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Stuck in an endless cycle of run, lift, spin, repeat? Elevate your perspective (and your heart rate) with a day of bouldering at your local climbing gym.
Bouldering is rock climbing’s feisty little sister; it’s done at a lower height and without the use of ropes and harnesses. While bouldering requires a decent amount of stamina and upper-body strength, you don’t need to be a descendant of Spiderman or a contestant on American Ninja Warrior to reap the benefits and have a great time.
Here are 10 reasons to shake up your routine by incorporating bouldering.
1. Beginners and experts can climb together. Your average bouldering wall looks like a cross between an experimental art installation and a confetti bomb crime scene. But there’s actually a purpose to the neon nature of those tags and resin protrusions, or “holds.” If you take a closer look you’ll notice that the different colors are used to map out climbing routes of varying degrees of difficulty. That means that, as a beginner, you can climb alongside (and learn from) others with a lot more experience.
2. Measurable success. The other benefit to those candy-colored climbing walls? A clear way to track and measure your progress. As you take on increasingly challenging routes and reach the top of the wall faster, you’ll be able to see your strength and coordination improve.
3. It’s a full-body workout. Climbers may be known for their killer lats and biceps, but they usually have the abs, glutes and thighs to match. That’s because bouldering requires you to engage everything from your core to the tips of your fingers. Bouldering primarily taxes the arms, shoulders and back, but you’ll also need to use your abs for stability and your legs to boost your body weight as you reach for the next hold.
4. Bouldering = problem solving. You train your brain with word puzzles, brain teasers and second languages, but unless you’ve mastered the “Sudoku Spinning” workout, you probably keep your sweat sessions separate. Bouldering is a great way to work out your brain and your body simultaneously, as it requires you to plan your course of action and constantly adapt as your body receives new information about your surroundings. In fact, the course a climber takes from the ground to the top of a wall is actually called a “problem,” which makes bouldering a (literal) exercise in problem solving.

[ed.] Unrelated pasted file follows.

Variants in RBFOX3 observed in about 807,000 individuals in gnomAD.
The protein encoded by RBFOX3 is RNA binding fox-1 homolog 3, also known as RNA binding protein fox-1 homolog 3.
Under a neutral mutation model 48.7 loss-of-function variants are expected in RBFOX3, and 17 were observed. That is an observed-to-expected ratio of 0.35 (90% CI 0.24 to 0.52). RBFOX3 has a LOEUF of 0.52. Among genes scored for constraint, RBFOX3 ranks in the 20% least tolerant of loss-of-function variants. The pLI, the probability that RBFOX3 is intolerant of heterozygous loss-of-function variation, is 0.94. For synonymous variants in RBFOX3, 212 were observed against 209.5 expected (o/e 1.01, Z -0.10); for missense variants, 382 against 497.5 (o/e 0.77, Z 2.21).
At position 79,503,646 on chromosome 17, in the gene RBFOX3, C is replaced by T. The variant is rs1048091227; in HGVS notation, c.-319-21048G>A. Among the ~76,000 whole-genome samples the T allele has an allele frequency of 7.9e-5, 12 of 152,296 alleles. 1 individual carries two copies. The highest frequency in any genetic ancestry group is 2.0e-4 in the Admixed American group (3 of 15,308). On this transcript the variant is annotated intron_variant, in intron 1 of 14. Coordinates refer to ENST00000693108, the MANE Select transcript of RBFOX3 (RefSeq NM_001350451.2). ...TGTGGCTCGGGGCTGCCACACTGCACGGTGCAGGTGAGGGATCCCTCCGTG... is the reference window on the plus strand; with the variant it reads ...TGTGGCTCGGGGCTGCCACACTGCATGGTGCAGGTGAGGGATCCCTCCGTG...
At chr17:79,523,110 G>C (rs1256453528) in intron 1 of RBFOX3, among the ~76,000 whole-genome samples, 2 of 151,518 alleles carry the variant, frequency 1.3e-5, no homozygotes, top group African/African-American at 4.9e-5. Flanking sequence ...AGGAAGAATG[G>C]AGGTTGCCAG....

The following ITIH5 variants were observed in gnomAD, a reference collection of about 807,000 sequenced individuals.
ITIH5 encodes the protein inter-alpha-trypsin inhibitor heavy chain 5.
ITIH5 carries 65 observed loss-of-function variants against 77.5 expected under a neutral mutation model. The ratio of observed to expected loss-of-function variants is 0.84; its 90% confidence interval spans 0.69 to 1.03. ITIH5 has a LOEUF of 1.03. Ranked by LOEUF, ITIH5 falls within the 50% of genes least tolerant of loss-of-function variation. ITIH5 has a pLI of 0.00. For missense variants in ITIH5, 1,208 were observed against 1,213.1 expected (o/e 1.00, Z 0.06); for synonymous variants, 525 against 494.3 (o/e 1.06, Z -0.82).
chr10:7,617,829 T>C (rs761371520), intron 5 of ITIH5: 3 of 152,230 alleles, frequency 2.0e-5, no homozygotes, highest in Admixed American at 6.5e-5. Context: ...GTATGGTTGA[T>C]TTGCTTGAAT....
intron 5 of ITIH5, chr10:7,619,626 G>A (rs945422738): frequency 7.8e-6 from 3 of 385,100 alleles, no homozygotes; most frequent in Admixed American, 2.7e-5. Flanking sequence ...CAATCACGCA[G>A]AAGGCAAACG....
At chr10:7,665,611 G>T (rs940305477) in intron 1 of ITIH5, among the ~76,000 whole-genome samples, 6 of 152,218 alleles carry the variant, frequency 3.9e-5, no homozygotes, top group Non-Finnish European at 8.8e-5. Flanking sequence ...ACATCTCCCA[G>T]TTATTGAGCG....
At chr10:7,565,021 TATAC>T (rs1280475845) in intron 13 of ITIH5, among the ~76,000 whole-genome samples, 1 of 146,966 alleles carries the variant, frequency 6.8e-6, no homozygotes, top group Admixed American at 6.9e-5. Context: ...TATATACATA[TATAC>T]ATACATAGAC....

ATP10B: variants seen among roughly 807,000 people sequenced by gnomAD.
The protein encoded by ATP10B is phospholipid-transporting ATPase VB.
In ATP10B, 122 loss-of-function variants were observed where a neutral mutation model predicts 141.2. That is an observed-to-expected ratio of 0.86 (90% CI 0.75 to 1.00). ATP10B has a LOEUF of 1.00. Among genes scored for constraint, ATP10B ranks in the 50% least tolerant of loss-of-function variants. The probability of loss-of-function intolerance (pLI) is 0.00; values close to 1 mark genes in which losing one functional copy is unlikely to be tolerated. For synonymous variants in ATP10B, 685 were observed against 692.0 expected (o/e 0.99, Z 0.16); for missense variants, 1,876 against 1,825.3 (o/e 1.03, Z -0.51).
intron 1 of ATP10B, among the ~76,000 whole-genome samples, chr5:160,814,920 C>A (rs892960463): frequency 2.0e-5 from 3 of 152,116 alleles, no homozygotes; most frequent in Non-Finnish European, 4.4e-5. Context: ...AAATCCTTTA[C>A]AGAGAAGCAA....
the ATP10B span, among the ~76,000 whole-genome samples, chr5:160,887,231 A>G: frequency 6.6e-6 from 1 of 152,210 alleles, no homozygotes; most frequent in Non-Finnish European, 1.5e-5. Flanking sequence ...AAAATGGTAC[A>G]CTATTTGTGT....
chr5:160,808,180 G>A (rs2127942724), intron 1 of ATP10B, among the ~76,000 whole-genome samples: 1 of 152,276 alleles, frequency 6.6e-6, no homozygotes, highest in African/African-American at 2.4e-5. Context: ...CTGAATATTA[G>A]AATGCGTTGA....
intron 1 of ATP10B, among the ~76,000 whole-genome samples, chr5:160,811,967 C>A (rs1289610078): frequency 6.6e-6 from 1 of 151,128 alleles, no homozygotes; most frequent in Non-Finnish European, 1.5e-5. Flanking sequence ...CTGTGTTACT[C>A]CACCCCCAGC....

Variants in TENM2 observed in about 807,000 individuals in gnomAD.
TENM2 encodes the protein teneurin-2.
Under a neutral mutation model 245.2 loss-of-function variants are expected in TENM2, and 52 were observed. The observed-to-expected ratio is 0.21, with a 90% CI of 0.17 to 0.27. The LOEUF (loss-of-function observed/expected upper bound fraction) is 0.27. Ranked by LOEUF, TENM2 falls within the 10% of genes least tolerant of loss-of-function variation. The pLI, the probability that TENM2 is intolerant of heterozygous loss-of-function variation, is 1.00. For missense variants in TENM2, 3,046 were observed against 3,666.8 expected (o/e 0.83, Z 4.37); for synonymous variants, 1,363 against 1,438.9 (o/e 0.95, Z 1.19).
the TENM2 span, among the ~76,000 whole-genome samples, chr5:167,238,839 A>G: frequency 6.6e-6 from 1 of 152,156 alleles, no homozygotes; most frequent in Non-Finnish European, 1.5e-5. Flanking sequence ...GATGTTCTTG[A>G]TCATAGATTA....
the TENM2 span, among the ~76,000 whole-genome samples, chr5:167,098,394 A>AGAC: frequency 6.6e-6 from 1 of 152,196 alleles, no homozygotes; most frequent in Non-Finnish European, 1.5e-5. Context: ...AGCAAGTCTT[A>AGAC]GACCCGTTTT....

5. You’ll get a grip.Ever notice how you don’t think about working your grip strength until it starts to fail you? Like halfway up the stairs with two hands full of grocery bags? Or three minutes into that hour-long kettlebell class? Even though a strong grip is extremely useful in everyday life, we often don’t think to work it. With all its reaching, grabbing, pulling and holding, bouldering is a great way to increase hand and forearm strength.
6. It feels like recess. There’s something inherently playful and childlike about climbing something simply for the sake of getting to the top. Remember being a kid on the jungle gym at recess? Spend a few hours at the climbing gym and remind yourself that working out can actually be pretty fun. That energy will likely carry over into your more “everyday” workouts.
7. The adrenaline rush. I remember looking at a bouldering wall for the first time and thinking, “Huh. That’s it?” While an 8-foot tall climbing wall doesn’t initially seem all that impressive, it’s a whole different story when you’re dangling from the top of it by your fingers. And that first fall to the crash pads below will also get your heart pumping. If you’re looking for a little adrenaline fix, bouldering is a good way to get one while still in a safe and controlled environment.
8. Training is available (if you want it). While most climbing gyms offer classes that teach members rope handling, risk management and lead belaying, bouldering is done at a lower height without ropes and a harness and, therefore, requires less instruction. Many gyms will provide beginners with a brief orientation that covers safety measures and the proper way to fall, but, unless you want to take a class, you can hop on the wall right away.
9. It’s a healthy substitute for happy hour. The rest time between ascents is necessary for your muscles’ recovery. It’s also the perfect time to chat with your fellow climbers and make new friends. The vibe at climbing gyms tends to be social and community-oriented, and many gyms encourage this by installing cafes and programming social events in addition to classes.
10. You’ll build confidence. There’s a reason for all those clichéd “climb every mountain” poems and pop songs — the sense of triumph that comes with summiting a peak (or a wall) is undeniable. Completing an ascent with nothing but your own strength and coordination builds confidence that you can tap into the next time you’re facing a seemingly insurmountable challenge — in or outside of the gym.